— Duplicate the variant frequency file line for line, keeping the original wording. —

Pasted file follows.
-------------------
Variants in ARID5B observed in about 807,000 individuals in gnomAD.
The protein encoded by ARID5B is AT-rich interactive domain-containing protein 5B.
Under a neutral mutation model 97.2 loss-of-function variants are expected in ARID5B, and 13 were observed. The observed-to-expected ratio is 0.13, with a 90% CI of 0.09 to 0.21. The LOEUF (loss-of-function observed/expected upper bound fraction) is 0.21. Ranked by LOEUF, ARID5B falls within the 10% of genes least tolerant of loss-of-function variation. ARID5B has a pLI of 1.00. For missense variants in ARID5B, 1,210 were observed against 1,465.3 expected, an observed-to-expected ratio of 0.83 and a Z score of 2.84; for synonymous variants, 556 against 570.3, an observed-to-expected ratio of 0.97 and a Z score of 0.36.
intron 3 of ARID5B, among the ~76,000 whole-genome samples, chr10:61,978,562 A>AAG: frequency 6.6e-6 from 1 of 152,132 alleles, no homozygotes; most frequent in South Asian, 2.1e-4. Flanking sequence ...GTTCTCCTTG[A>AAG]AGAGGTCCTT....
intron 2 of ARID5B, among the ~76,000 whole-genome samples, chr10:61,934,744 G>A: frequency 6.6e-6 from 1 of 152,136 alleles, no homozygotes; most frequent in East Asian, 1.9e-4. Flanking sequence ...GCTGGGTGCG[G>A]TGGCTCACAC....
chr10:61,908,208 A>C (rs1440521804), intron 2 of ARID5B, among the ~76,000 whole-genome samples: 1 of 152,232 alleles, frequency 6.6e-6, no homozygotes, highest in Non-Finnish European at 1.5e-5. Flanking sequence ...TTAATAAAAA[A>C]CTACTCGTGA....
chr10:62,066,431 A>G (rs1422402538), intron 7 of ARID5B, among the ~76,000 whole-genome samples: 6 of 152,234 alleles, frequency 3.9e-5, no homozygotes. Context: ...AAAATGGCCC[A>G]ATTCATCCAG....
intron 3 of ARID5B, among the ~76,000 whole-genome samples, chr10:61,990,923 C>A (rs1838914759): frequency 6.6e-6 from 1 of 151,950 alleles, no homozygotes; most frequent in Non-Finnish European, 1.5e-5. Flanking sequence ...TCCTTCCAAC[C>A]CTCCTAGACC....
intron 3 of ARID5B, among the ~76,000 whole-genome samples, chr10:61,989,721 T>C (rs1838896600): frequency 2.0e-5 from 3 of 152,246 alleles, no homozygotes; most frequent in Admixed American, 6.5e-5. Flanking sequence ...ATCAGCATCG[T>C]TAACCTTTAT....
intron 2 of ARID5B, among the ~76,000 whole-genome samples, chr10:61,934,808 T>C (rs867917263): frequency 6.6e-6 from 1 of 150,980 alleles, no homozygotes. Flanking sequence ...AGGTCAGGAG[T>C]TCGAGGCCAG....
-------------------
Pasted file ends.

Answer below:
Variants in ARID5B observed in about 807,000 individuals in gnomAD.
The protein encoded by ARID5B is AT-rich interactive domain-containing protein 5B.
Under a neutral mutation model 97.2 loss-of-function variants are expected in ARID5B, and 13 were observed. The observed-to-expected ratio is 0.13, with a 90% CI of 0.09 to 0.21. The LOEUF (loss-of-function observed/expected upper bound fraction) is 0.21. Ranked by LOEUF, ARID5B falls within the 10% of genes least tolerant of loss-of-function variation. ARID5B has a pLI of 1.00. For missense variants in ARID5B, 1,210 were observed against 1,465.3 expected, an observed-to-expected ratio of 0.83 and a Z score of 2.84; for synonymous variants, 556 against 570.3, an observed-to-expected ratio of 0.97 and a Z score of 0.36.
intron 3 of ARID5B, among the ~76,000 whole-genome samples, chr10:61,978,562 A>AAG: frequency 6.6e-6 from 1 of 152,132 alleles, no homozygotes; most frequent in South Asian, 2.1e-4. Flanking sequence ...GTTCTCCTTG[A>AAG]AGAGGTCCTT....
intron 2 of ARID5B, among the ~76,000 whole-genome samples, chr10:61,934,744 G>A: frequency 6.6e-6 from 1 of 152,136 alleles, no homozygotes; most frequent in East Asian, 1.9e-4. Flanking sequence ...GCTGGGTGCG[G>A]TGGCTCACAC....
chr10:61,908,208 A>C (rs1440521804), intron 2 of ARID5B, among the ~76,000 whole-genome samples: 1 of 152,232 alleles, frequency 6.6e-6, no homozygotes, highest in Non-Finnish European at 1.5e-5. Flanking sequence ...TTAATAAAAA[A>C]CTACTCGTGA....
chr10:62,066,431 A>G (rs1422402538), intron 7 of ARID5B, among the ~76,000 whole-genome samples: 6 of 152,234 alleles, frequency 3.9e-5, no homozygotes. Context: ...AAAATGGCCC[A>G]ATTCATCCAG....
intron 3 of ARID5B, among the ~76,000 whole-genome samples, chr10:61,990,923 C>A (rs1838914759): frequency 6.6e-6 from 1 of 151,950 alleles, no homozygotes; most frequent in Non-Finnish European, 1.5e-5. Flanking sequence ...TCCTTCCAAC[C>A]CTCCTAGACC....
intron 3 of ARID5B, among the ~76,000 whole-genome samples, chr10:61,989,721 T>C (rs1838896600): frequency 2.0e-5 from 3 of 152,246 alleles, no homozygotes; most frequent in Admixed American, 6.5e-5. Flanking sequence ...ATCAGCATCG[T>C]TAACCTTTAT....
intron 2 of ARID5B, among the ~76,000 whole-genome samples, chr10:61,934,808 T>C (rs867917263): frequency 6.6e-6 from 1 of 150,980 alleles, no homozygotes. Flanking sequence ...AGGTCAGGAG[T>C]TCGAGGCCAG....